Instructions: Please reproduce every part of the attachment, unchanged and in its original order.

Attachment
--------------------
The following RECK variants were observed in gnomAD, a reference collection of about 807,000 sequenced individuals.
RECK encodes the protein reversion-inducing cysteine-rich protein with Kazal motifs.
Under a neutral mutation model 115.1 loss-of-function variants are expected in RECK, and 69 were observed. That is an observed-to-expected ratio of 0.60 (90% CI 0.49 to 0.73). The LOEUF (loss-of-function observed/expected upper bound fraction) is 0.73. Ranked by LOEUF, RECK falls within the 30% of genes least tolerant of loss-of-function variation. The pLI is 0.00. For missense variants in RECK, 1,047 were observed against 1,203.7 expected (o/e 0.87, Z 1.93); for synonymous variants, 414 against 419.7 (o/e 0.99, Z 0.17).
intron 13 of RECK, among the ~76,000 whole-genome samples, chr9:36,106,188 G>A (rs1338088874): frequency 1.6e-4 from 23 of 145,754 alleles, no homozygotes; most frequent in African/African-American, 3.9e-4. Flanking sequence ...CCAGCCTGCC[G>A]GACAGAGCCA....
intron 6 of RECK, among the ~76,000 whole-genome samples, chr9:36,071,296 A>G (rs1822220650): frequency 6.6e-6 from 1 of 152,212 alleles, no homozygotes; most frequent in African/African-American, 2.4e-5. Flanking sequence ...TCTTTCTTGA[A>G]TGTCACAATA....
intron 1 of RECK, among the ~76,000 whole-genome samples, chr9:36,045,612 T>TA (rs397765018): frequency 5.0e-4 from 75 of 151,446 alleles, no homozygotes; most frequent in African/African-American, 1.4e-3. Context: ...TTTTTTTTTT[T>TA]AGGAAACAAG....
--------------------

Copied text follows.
The following RECK variants were observed in gnomAD, a reference collection of about 807,000 sequenced individuals.
RECK encodes the protein reversion-inducing cysteine-rich protein with Kazal motifs.
Under a neutral mutation model 115.1 loss-of-function variants are expected in RECK, and 69 were observed. That is an observed-to-expected ratio of 0.60 (90% CI 0.49 to 0.73). The LOEUF (loss-of-function observed/expected upper bound fraction) is 0.73. Ranked by LOEUF, RECK falls within the 30% of genes least tolerant of loss-of-function variation. The pLI is 0.00. For missense variants in RECK, 1,047 were observed against 1,203.7 expected (o/e 0.87, Z 1.93); for synonymous variants, 414 against 419.7 (o/e 0.99, Z 0.17).
intron 13 of RECK, among the ~76,000 whole-genome samples, chr9:36,106,188 G>A (rs1338088874): frequency 1.6e-4 from 23 of 145,754 alleles, no homozygotes; most frequent in African/African-American, 3.9e-4. Flanking sequence ...CCAGCCTGCC[G>A]GACAGAGCCA....
intron 6 of RECK, among the ~76,000 whole-genome samples, chr9:36,071,296 A>G (rs1822220650): frequency 6.6e-6 from 1 of 152,212 alleles, no homozygotes; most frequent in African/African-American, 2.4e-5. Flanking sequence ...TCTTTCTTGA[A>G]TGTCACAATA....
intron 1 of RECK, among the ~76,000 whole-genome samples, chr9:36,045,612 T>TA (rs397765018): frequency 5.0e-4 from 75 of 151,446 alleles, no homozygotes; most frequent in African/African-American, 1.4e-3. Context: ...TTTTTTTTTT[T>TA]AGGAAACAAG....